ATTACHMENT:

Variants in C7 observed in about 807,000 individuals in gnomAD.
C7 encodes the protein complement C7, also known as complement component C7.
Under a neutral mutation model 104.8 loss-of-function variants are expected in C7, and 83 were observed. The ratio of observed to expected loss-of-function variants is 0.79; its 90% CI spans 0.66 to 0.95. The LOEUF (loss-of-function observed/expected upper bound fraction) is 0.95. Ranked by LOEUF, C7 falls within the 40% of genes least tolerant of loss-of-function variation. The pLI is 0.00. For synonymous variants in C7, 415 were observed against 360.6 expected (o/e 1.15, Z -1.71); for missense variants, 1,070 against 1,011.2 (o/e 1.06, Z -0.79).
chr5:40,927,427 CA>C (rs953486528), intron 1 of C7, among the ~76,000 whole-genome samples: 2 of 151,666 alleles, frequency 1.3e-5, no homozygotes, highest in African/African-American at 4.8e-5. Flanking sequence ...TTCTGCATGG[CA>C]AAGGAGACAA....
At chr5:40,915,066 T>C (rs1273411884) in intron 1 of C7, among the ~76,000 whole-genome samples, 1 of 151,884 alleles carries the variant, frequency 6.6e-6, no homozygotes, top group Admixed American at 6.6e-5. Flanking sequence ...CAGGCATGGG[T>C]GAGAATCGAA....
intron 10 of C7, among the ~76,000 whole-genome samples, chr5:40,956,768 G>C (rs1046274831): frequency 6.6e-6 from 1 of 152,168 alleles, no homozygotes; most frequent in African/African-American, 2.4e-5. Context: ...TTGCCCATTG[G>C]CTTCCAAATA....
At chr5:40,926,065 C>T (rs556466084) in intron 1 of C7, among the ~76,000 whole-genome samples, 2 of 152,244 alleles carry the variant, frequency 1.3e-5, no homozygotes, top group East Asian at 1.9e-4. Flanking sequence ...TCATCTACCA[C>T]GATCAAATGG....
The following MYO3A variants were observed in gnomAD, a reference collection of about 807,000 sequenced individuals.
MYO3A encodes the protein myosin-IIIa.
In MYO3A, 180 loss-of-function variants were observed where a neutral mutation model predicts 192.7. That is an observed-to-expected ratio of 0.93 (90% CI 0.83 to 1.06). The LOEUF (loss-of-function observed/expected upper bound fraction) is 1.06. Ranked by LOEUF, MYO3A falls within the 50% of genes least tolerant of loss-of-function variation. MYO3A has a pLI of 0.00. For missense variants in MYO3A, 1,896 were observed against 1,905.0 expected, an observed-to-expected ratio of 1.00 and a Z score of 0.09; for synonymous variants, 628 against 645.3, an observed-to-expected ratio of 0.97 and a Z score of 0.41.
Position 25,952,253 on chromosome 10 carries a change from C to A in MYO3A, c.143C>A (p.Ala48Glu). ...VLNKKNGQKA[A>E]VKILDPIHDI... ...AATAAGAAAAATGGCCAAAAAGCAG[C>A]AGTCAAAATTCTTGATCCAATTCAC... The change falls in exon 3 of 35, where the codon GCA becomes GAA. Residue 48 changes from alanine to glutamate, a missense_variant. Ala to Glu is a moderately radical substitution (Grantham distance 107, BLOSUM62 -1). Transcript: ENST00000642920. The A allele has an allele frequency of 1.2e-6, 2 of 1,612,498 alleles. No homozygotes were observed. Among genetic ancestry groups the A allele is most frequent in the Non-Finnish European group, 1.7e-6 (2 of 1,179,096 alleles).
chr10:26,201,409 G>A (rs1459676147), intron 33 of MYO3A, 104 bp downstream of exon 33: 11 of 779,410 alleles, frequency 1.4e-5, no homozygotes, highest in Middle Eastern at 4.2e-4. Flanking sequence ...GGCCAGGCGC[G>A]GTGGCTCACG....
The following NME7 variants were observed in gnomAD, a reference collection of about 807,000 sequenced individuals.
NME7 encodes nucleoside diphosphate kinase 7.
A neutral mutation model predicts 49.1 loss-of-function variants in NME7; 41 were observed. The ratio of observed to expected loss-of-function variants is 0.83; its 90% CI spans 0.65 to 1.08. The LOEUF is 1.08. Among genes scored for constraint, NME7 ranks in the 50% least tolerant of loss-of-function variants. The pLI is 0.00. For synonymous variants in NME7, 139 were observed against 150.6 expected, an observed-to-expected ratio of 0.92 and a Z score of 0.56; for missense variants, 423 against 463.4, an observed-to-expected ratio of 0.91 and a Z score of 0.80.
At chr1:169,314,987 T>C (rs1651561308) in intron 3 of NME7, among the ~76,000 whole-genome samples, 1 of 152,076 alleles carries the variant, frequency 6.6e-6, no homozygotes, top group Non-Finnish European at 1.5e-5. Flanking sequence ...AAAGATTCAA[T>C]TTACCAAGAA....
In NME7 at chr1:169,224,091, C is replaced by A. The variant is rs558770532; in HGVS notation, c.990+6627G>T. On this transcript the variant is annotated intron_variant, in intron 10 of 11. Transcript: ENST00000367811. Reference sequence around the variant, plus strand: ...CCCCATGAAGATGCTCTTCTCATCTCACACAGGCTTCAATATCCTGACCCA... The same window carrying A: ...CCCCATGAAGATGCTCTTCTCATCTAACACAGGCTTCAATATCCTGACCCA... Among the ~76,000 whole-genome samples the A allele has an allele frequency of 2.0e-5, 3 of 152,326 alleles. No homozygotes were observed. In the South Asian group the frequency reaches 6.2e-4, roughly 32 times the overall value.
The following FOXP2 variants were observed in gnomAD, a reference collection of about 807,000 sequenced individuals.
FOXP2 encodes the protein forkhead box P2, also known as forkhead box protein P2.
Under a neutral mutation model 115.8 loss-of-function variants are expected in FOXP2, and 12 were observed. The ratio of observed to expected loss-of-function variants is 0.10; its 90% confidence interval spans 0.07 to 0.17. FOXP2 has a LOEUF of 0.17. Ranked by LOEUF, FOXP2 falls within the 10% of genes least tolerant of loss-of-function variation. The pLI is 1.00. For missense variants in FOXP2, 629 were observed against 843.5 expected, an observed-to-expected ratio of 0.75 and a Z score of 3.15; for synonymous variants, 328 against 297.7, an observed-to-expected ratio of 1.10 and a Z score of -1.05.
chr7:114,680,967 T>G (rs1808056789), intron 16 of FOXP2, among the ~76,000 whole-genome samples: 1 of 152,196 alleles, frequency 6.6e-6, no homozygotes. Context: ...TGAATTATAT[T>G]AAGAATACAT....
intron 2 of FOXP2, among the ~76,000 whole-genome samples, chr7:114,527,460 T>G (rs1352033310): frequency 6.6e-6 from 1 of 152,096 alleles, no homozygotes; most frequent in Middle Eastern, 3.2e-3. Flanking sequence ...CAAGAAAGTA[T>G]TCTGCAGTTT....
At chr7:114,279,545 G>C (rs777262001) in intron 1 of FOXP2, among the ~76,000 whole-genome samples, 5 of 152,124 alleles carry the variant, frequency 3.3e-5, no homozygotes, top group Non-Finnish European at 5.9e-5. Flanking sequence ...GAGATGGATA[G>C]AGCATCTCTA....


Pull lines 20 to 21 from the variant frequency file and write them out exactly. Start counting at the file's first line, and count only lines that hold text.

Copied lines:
Under a neutral mutation model 115.8 loss-of-function variants are expected in FOXP2, and 12 were observed. The ratio of observed to expected loss-of-function variants is 0.10; its 90% confidence interval spans 0.07 to 0.17. FOXP2 has a LOEUF of 0.17. Ranked by LOEUF, FOXP2 falls within the 10% of genes least tolerant of loss-of-function variation. The pLI is 1.00. For missense variants in FOXP2, 629 were observed against 843.5 expected, an observed-to-expected ratio of 0.75 and a Z score of 3.15; for synonymous variants, 328 against 297.7, an observed-to-expected ratio of 1.10 and a Z score of -1.05.
chr7:114,680,967 T>G (rs1808056789), intron 16 of FOXP2, among the ~76,000 whole-genome samples: 1 of 152,196 alleles, frequency 6.6e-6, no homozygotes. Context: ...TGAATTATAT[T>G]AAGAATACAT....